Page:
The Pseudo-Hilbert curve sorts regular arrays of points into a linear order that keeps nearby points in the array close to each other in the linear order. Scientific computing algorithms use this capability in a few ways.
- An easy form of clustering.
- Speed up queries for databases.
- Allocate work for distributed computing.
- Visualize correlation of large one-dimensional datasets.
- Visualize change over time of two-dimensional datasets.
- Apply a one-dimensional global optimization algorithm to a multi-dimensional dataset.
- An R-tree algorithm that uses Hilbert curves to pick node locations.
These widely different applications all use the Hilbert curve, not for drawing, but to convert indices from multiple dimensions to a single dimension and to convert them back to multiple dimensions, as needed. For high performance computing, it's not a drawn curve but an algorithm.
There are two functions. One accepts an array of natural numbers as input and returns a single Hilbert index as output. We call that encoding. The other function decodes the single Hilbert index into the original natural numbers. There are a lot of pairs of functions that can do this.
For instance, you may recall from your earliest math class that we use such a pair of functions to prove that the number of integers in the first quadrant of a two-dimensional graph are countably infinite. Starting from (0, 0), move to (0, 1) and then (1, 0). Then move from (2, 0) to (1, 1) to (0, 2). This weaves along diagonals (in boustrophedon order), sweeping out a one-dimensional covering of two dimensions. Each point in 2D has a corresponding, countable point in 1D. Nor is this the only example, by far.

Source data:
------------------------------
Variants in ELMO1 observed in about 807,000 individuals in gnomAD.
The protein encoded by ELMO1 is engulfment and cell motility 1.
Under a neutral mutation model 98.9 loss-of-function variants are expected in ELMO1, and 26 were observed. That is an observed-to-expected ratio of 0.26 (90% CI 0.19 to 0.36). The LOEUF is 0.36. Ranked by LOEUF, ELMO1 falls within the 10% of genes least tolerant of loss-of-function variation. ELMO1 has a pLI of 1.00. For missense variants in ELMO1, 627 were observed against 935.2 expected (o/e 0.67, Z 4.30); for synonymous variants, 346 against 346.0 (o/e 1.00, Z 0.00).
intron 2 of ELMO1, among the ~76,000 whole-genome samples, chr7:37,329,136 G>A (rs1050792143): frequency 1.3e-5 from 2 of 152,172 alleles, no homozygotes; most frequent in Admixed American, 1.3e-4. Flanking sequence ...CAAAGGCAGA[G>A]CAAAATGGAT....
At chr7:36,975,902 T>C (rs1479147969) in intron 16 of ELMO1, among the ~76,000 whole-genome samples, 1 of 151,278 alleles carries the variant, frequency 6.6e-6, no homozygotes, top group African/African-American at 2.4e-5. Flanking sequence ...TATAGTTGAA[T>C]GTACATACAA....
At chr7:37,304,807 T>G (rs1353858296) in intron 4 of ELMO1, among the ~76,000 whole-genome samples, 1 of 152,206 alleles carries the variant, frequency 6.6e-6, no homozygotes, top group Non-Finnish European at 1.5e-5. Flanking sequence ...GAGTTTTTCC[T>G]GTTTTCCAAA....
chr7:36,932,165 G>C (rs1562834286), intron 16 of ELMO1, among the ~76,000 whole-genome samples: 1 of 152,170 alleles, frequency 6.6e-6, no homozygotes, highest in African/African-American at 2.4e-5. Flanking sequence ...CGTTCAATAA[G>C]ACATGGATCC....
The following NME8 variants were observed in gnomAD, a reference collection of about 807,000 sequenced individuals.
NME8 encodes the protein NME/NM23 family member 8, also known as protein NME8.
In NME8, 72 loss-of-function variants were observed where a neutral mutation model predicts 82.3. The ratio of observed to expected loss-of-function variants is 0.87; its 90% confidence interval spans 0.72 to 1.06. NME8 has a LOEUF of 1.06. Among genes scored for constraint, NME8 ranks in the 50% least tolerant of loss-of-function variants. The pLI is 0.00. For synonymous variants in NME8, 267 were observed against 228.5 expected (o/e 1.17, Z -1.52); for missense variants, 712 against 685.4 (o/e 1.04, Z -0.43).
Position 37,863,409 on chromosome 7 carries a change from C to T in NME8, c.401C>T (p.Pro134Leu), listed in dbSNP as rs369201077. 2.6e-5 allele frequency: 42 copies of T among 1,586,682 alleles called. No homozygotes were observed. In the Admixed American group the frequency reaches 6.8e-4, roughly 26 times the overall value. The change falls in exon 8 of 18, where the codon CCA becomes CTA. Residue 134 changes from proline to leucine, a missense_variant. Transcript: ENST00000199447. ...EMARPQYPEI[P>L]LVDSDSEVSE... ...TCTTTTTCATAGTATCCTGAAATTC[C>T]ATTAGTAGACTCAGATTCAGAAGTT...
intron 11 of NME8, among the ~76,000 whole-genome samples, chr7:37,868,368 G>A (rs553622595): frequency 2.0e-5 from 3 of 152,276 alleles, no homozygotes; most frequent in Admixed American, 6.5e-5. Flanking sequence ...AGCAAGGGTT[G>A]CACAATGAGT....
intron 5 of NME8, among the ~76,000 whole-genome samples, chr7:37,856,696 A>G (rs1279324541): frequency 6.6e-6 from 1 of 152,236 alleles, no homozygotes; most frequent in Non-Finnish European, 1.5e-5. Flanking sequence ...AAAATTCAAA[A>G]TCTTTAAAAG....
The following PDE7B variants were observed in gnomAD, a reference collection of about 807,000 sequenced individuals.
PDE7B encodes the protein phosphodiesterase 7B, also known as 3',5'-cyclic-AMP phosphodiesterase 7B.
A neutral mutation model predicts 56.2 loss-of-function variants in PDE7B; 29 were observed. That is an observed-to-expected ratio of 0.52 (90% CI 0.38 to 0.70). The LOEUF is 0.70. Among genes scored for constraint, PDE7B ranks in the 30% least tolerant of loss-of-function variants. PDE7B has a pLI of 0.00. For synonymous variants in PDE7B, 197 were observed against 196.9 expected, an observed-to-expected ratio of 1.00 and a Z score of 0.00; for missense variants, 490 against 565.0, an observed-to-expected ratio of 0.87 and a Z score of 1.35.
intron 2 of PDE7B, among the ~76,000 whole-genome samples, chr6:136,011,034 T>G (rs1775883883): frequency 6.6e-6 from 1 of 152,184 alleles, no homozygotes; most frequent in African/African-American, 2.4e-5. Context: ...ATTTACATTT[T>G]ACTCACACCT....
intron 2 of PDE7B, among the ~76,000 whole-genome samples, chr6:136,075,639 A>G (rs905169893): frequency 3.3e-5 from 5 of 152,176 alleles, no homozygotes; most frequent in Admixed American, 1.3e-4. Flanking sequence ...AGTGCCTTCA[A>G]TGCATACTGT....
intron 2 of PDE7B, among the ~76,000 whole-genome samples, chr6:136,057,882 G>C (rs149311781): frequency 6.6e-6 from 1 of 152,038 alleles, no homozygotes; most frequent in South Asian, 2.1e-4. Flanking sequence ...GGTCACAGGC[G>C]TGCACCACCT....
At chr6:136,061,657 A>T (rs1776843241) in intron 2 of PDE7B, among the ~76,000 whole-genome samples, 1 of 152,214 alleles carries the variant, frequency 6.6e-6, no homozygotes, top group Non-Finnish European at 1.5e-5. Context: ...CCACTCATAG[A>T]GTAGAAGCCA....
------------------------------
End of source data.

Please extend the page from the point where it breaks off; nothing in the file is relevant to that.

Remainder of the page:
Julia stores its matrices in column-major order. C stores its matrices in row-major order. Both are orderings of two-dimensional rectangles according to a linear storage order. So, too, is block storage of data. These are functions like the Hilbert curve because we can automatically translate from (i, j) to a single index in memory, if we know the dimensions of the matrix.
The Hilbert algorithm is equivalent to the use of column-major order with one addition. Two points near each other according to the Hilbert index will tend to be closer to each other if we measure the Euclidean distance between their two-dimensional indices. There isn't a guaranteed upper bound on how far apart two points can be, but experiments comparing nearness, called spatial locality, confirm that the Hilbert curve tends to arrange points closer to each other than does column-major storage, block storage, or other self-similar space-filling curves, such as the Peano curve.
That's why this algorithm is useful. Given a bunch of (i, j) indices, the Hilbert index helps to arrange them in a single vector such that nearby indices tend to be closer to each other. Using a Hilbert algorithm can be a little more complicated than that, only because tradition asks that you focus on counts of bits. Let's look at why this is an easy, if important, requirement.